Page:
By Tom Braithwaite in Washington
The US Treasury has opted to exempt foreign exchange swaps from sweeping new derivatives rules, providing a big victory for dealers and a defeat for the proponents of more far-reaching market reforms.
Last year’s Dodd-Frank regulatory overhaul gave Tim Geithner, the Treasury secretary, the power to decide that over-the-counter forex swaps and forwards did not need to be subject to the same requirements for clearing and exchange trading as other derivatives.
The decision to exempt them was widely supported by both banks and users of the instruments. Dealers, including Deutsche Bank, and non-financial groups, such as Caterpillar, submitted letters in support of the move, arguing that foreign exchange swaps were qualitatively different from other derivatives.
The issue has achieved totemic significance for reformers who believe that the instruments should be included in the regime and leaving them out creates a loophole. Democratic senators Carl Levin, Maria Cantwell and Tom Harkin all argued strongly against the exemption.
But the Treasury sided with the industry, deciding that the market was “markedly different” from other derivatives – “highly transparent, liquid and efficient”.
It said fixed terms of shorter duration, physical exchange of currency and an existing well-functioning settlement process meant there was no need to drag the instruments into a more restrictive regime. However, they will be subject to the same reporting standards as other derivatives.
“Congress recognised that the foreign exchange swaps and forwards market already reflects many of the Dodd-Frank act’s goals, including high levels of price transparency, effective risk management and electronic trading,” said Mary Miller, assistant Treasury secretary. “We think this narrow slice should be exempted.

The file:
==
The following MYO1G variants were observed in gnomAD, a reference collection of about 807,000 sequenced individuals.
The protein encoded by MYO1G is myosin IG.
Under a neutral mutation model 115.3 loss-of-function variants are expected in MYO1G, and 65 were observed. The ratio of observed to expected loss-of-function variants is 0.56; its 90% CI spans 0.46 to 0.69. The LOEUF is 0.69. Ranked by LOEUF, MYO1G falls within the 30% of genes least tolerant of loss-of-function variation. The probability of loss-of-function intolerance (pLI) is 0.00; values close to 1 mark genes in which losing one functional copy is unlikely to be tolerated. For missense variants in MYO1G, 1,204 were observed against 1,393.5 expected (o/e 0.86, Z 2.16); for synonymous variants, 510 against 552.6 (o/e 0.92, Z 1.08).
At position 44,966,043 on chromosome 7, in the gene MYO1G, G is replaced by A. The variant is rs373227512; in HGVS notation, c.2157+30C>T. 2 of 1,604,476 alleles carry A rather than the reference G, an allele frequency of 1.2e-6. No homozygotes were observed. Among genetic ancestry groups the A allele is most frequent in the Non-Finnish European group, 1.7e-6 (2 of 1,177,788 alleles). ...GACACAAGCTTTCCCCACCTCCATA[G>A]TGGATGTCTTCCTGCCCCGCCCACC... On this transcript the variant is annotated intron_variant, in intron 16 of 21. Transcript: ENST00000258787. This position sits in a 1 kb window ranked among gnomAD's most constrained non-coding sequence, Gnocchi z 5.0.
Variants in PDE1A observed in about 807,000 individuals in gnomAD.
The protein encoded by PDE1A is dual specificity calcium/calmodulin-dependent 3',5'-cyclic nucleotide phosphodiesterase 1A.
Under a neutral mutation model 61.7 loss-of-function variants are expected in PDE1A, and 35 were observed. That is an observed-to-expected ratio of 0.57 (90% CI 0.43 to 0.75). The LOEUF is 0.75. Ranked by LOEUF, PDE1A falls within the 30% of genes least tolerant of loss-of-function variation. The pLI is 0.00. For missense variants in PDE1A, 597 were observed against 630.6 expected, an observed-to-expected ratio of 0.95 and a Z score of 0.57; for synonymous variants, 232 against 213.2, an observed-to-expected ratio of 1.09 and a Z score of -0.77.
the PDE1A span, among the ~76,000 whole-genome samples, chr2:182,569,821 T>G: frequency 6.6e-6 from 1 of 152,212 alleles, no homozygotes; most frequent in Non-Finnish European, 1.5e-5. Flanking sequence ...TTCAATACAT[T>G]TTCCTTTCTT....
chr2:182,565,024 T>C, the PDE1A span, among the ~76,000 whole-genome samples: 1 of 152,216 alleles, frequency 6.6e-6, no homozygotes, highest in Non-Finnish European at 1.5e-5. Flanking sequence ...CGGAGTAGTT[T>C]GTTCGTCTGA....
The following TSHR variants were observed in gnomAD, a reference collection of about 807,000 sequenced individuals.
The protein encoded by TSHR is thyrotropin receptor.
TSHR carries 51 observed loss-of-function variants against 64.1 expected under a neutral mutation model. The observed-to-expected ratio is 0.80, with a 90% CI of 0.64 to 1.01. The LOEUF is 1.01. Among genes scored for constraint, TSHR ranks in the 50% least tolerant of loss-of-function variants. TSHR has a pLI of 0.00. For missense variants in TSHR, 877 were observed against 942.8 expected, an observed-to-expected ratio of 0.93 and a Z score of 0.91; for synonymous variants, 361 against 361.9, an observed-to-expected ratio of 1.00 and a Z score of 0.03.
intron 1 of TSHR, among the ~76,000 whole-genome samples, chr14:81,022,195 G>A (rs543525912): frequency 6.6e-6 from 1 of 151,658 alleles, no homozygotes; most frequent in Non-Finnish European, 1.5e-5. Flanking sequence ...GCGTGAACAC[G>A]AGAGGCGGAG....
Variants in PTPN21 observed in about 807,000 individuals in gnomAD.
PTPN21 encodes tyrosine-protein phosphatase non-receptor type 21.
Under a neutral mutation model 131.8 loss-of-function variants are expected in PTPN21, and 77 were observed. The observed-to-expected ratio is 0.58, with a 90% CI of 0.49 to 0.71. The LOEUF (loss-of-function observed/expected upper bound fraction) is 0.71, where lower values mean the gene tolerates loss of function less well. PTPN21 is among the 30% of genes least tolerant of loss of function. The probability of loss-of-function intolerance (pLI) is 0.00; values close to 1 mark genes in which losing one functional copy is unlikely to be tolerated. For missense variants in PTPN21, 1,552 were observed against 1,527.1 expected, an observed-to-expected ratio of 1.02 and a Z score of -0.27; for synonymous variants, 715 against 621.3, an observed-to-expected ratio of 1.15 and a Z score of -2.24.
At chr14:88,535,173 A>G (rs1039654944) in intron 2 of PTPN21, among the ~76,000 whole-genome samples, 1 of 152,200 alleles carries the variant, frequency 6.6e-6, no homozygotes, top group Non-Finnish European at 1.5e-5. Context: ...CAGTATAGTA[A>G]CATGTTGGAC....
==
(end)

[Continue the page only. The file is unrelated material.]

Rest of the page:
“Throughout the financial crisis the foreign exchange swaps and forward markets continued to operate.”
Dennis Kelleher, chief executive of Better Markets, which advocates tougher financial reforms, said the Treasury’s exemption was the “starting gun for the financial wizards on Wall Street to let their creative juices flow and figure out how many products they can cram through the loophole”.
Some observers have suggested that it might be possible to disguise different contracts as foreign exchange swaps to benefit from the lighter-touch regulatory regime. Ms Miller said it would be highly difficult “and illegal” to try to use the determination as a loophole for other types of derivative.
The “proposed determination” gives another opportunity for public comment but it is widely expected to be the final word on the issue.
Richard Prager, head of global trading at BlackRock, said the “very sensible and balanced decision” was welcome. Clearing for foreign exchange swaps did not make sense as they were not “credit intensive and [did not include] a lot of long dated maturities”, he said.
James Kemp, head of the Global FX Division, an industry lobby group, said European regulators should follow the lead of the US in exempting the instruments